Poor IT Purchasing: A Case Of Better The Devil You Know?

IT Retailer

I was recently reading a post on the Essential Retail website by RSR Research managing partner Steve Rowen, which discussed how retailers often don’t value the IT solutions that they have implemented. In this article, Steve states: “Not only have retailers purchased a series of technologies that they don’t find particularly valuable, but they plan to keep on doing so… If retailers are unsure of solution value, yet continue to purchase those solutions, how will they know if they actually add value?”

For many retailers, the world of technology can be a complicated and confusing place, but this does not mean that retailers should continue with a purchasing strategy which isn’t meeting their needs. For many, I guess it is a case of ‘the better the devil you know, than the devil you don’t’, but there are real implications for businesses who are currently engaging in poor IT purchasing decisions.

When unsuitable IT solutions are implemented in an organisation, maintenance costs often rise as a result. If the technology solutions are not meeting the needs of the business, they will be more susceptible to failing, requiring increased call-outs and more downtime, leading to a loss in revenue. Staff who are not trained in using the technology can also cause damage to the system, through no fault of their own. With a lack of knowledge on the facilities they are using it can be easy to cause problems which will need to be fixed by a professional.

Retailers can find it difficult to move away from the familiar and look into new options. When someone has been working with a particular brand or model for a long time, they may not be aware of the different services available, or may not know where else to go to find a better service.

They can also often find the array of choices on the market overwhelming. It can be difficult to find the right fit for a business with so many options available, and this often puts retailers off looking further into the possibility of improving their systems, sticking instead with their ancient printers and cash tills. Additionally, in situations where purchasing decisions are localised rather than controlled centrally, there can be huge wastage involved, from buying the wrong consumables and jamming the printers, through to simply not getting the economies of scale that are readily available through bulk ordering and re-ordering.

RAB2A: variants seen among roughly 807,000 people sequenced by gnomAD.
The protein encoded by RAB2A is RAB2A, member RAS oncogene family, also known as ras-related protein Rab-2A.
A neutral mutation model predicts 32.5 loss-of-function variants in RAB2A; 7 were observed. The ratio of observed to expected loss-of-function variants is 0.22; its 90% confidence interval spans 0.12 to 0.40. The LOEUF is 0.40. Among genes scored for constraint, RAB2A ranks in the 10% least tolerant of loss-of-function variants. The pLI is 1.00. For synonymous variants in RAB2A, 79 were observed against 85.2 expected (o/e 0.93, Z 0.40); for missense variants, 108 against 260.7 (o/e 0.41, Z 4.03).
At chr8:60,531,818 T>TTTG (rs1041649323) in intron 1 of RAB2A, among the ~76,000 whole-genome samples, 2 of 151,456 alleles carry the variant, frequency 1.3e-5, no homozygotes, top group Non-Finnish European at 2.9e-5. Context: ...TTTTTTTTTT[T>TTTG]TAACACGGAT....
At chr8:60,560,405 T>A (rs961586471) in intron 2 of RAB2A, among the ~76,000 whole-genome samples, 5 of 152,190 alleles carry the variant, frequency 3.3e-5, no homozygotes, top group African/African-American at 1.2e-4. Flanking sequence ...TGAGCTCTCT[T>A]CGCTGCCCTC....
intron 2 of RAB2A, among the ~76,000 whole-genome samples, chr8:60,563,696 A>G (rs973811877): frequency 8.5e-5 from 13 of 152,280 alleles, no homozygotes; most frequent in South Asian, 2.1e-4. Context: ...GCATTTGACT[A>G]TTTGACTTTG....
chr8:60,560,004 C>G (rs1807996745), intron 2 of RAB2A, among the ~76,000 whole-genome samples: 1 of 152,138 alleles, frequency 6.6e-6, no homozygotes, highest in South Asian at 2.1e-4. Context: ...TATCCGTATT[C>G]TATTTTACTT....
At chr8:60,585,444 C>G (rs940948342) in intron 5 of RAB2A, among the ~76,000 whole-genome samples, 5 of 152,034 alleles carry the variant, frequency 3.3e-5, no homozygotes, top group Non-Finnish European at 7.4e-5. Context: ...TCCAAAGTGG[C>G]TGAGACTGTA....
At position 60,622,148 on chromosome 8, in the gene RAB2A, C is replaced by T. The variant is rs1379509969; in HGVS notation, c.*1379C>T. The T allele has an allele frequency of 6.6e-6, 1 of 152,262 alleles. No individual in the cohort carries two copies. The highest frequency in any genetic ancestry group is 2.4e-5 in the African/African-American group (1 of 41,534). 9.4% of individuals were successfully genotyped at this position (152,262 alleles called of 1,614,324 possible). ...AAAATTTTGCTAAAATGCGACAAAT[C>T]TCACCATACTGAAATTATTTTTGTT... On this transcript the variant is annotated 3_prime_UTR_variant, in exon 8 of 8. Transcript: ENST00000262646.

Often, retailers will know something is wrong with their current system, but just don’t know how to fix it. The easiest solution in this scenario is to keep buying and worry about it later. Many see there being no point fixing what isn’t broken, but do not realise the benefits of upgrading and evolving their IT system. In the majority of cases, the costs saved in the long run by upgrading to a more efficient a cost-effective system will far outweigh the investment needed to replace and upgrade the system.

When it comes to making a decision about IT solutions, seeking advice from a third party is often the best solution. Internal departments are often not able to take a sufficiently objective view of the current systems to evaluate it effectively, nor do they have the expert knowledge of what alternatives are available in the industry. The times spent researching and evaluating potential solutions is also detrimental to the organisation, as that is time that employees spend away from their core roles.

Dealing directly with manufacturers can also lead to biased recommendations, with them naturally wanting to promote their own ranges and solutions. In many cases, independent IT support service companies can be the best port of call, as they are not tied to any particular solution or brand. Having worked with many retailers, they can bring best in class experience and not only recommend, but also implement solutions which are both competitive in price and deliver the exact functionality needed within the business.

Alan Watson lo

Following a recent management buyout, Alan Watson is the managing director and majority shareholder of Barron McCann. Having worked within Barron McCann for over 20 years, Alan always prefers to describe himself as one of the ‘plumbers’, due to his technical background. But it is precisely this experience that ensures that Alan is always looking at the development of Barron McCann as a company from the perspective of the customer and the problems that he can address and solve. His aspirations for the future of the company place it very firmly at the forefront of retail evolution. Alan is driving forward an exciting and ambitious plan of expansion and acquisition that will continue to position Barron McCann as one of the leading IT support providers in the industry.